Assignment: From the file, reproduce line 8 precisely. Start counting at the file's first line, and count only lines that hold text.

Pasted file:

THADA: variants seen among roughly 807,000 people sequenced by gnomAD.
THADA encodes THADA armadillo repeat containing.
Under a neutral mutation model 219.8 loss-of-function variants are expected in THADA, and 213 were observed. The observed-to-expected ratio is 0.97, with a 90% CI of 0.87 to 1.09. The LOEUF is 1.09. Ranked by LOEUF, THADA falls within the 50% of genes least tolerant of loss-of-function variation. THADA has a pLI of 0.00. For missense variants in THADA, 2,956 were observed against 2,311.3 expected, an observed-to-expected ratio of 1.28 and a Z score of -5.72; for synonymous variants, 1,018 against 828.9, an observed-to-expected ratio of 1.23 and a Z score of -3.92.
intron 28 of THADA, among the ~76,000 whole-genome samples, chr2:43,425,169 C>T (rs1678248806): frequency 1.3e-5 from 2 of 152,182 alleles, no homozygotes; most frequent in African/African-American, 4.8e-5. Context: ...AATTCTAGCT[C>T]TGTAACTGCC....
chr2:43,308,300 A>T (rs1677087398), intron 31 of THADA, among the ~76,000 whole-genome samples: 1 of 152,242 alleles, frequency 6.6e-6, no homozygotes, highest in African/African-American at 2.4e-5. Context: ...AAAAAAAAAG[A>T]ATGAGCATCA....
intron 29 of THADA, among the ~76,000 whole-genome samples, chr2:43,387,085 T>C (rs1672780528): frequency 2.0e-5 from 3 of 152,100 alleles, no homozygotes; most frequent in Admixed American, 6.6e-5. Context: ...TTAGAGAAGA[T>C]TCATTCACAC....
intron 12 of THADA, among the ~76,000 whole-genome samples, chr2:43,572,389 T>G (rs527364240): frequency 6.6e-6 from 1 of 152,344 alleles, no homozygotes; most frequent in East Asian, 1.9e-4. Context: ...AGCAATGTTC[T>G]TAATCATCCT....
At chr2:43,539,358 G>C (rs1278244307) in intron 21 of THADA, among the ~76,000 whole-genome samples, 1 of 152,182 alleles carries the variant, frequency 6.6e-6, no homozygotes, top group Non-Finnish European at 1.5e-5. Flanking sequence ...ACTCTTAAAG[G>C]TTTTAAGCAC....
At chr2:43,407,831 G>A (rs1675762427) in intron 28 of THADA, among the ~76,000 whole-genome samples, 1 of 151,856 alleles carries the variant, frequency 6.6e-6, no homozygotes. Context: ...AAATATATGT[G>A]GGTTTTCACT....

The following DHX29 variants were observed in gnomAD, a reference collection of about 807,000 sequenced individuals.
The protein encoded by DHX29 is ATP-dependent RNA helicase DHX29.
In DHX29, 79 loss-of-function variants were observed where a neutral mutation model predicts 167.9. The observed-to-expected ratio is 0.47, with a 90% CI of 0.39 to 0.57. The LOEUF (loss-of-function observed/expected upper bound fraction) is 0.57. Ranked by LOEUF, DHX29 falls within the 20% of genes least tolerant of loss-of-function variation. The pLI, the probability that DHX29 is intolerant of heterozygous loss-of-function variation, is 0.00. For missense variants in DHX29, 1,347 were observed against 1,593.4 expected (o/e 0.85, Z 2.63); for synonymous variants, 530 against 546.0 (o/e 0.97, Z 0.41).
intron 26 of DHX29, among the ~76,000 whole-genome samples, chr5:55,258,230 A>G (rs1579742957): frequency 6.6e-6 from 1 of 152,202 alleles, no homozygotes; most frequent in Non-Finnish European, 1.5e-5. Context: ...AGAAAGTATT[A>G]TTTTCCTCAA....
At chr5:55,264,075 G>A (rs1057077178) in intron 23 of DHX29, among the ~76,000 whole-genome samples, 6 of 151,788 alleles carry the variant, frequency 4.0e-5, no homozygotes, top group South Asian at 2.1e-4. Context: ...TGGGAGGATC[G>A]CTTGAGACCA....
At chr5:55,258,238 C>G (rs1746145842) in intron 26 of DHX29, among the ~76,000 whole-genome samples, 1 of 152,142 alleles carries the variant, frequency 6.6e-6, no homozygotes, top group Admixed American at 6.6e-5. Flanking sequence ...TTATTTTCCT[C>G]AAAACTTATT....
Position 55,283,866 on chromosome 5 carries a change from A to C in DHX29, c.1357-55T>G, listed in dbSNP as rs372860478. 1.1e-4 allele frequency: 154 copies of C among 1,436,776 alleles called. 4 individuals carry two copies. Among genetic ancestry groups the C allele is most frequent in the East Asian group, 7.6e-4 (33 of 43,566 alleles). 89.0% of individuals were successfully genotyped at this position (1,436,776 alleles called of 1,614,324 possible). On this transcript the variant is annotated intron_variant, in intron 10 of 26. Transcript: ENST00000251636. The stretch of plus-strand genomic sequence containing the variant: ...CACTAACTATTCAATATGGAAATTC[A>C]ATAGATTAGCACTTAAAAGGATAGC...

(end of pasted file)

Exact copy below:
At chr2:43,539,358 G>C (rs1278244307) in intron 21 of THADA, among the ~76,000 whole-genome samples, 1 of 152,182 alleles carries the variant, frequency 6.6e-6, no homozygotes, top group Non-Finnish European at 1.5e-5. Flanking sequence ...ACTCTTAAAG[G>C]TTTTAAGCAC....